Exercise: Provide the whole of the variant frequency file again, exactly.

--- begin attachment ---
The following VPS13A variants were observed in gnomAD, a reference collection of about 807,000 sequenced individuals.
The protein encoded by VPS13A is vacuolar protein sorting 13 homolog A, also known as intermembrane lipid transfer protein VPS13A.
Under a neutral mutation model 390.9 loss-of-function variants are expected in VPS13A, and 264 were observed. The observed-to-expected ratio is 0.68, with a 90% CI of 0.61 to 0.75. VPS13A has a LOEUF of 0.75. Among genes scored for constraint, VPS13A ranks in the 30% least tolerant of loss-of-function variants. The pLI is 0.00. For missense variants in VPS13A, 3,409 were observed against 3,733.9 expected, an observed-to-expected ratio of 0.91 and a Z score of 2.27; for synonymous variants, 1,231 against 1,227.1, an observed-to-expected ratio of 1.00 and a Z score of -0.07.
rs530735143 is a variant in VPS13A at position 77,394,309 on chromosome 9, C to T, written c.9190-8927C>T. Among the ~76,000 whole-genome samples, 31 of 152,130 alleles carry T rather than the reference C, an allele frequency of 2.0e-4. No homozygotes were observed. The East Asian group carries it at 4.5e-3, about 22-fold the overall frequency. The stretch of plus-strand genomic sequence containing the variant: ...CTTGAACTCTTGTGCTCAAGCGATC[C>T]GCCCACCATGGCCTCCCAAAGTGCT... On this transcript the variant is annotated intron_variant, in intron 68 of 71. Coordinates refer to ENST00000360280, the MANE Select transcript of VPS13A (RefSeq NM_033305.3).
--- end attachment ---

The following VPS13A variants were observed in gnomAD, a reference collection of about 807,000 sequenced individuals.
The protein encoded by VPS13A is vacuolar protein sorting 13 homolog A, also known as intermembrane lipid transfer protein VPS13A.
Under a neutral mutation model 390.9 loss-of-function variants are expected in VPS13A, and 264 were observed. The observed-to-expected ratio is 0.68, with a 90% CI of 0.61 to 0.75. VPS13A has a LOEUF of 0.75. Among genes scored for constraint, VPS13A ranks in the 30% least tolerant of loss-of-function variants. The pLI is 0.00. For missense variants in VPS13A, 3,409 were observed against 3,733.9 expected, an observed-to-expected ratio of 0.91 and a Z score of 2.27; for synonymous variants, 1,231 against 1,227.1, an observed-to-expected ratio of 1.00 and a Z score of -0.07.
rs530735143 is a variant in VPS13A at position 77,394,309 on chromosome 9, C to T, written c.9190-8927C>T. Among the ~76,000 whole-genome samples, 31 of 152,130 alleles carry T rather than the reference C, an allele frequency of 2.0e-4. No homozygotes were observed. The East Asian group carries it at 4.5e-3, about 22-fold the overall frequency. The stretch of plus-strand genomic sequence containing the variant: ...CTTGAACTCTTGTGCTCAAGCGATC[C>T]GCCCACCATGGCCTCCCAAAGTGCT... On this transcript the variant is annotated intron_variant, in intron 68 of 71. Coordinates refer to ENST00000360280, the MANE Select transcript of VPS13A (RefSeq NM_033305.3).